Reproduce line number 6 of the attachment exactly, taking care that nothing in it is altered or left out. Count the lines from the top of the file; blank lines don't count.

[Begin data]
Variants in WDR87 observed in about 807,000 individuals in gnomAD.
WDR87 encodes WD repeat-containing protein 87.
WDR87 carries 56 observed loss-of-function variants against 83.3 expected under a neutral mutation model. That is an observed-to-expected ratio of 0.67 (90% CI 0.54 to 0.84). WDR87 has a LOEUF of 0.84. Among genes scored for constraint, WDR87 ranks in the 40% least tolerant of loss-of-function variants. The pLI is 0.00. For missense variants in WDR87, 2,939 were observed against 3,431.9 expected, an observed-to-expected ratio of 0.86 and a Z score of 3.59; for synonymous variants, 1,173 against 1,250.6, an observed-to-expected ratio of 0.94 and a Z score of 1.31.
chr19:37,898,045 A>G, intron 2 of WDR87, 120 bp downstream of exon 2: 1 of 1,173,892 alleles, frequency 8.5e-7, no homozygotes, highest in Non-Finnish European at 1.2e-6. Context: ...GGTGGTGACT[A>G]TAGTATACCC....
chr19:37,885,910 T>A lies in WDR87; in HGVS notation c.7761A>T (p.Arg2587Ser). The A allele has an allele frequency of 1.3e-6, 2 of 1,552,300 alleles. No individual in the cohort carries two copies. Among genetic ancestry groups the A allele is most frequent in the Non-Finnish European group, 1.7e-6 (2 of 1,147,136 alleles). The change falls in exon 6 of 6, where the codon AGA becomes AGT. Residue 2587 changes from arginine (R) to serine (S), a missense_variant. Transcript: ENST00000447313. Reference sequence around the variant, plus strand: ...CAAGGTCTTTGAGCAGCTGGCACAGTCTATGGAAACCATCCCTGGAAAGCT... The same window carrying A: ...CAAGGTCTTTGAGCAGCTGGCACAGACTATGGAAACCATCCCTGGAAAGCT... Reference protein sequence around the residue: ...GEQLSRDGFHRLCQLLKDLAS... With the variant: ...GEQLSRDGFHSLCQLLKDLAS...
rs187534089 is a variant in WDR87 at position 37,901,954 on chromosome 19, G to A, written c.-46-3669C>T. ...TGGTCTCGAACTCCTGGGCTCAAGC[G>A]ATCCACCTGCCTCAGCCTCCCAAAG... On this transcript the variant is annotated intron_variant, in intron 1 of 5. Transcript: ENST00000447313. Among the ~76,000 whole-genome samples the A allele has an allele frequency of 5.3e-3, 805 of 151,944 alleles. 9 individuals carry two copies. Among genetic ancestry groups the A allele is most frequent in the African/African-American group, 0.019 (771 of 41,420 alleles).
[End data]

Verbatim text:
rs187534089 is a variant in WDR87 at position 37,901,954 on chromosome 19, G to A, written c.-46-3669C>T. ...TGGTCTCGAACTCCTGGGCTCAAGC[G>A]ATCCACCTGCCTCAGCCTCCCAAAG... On this transcript the variant is annotated intron_variant, in intron 1 of 5. Transcript: ENST00000447313. Among the ~76,000 whole-genome samples the A allele has an allele frequency of 5.3e-3, 805 of 151,944 alleles. 9 individuals carry two copies. Among genetic ancestry groups the A allele is most frequent in the African/African-American group, 0.019 (771 of 41,420 alleles).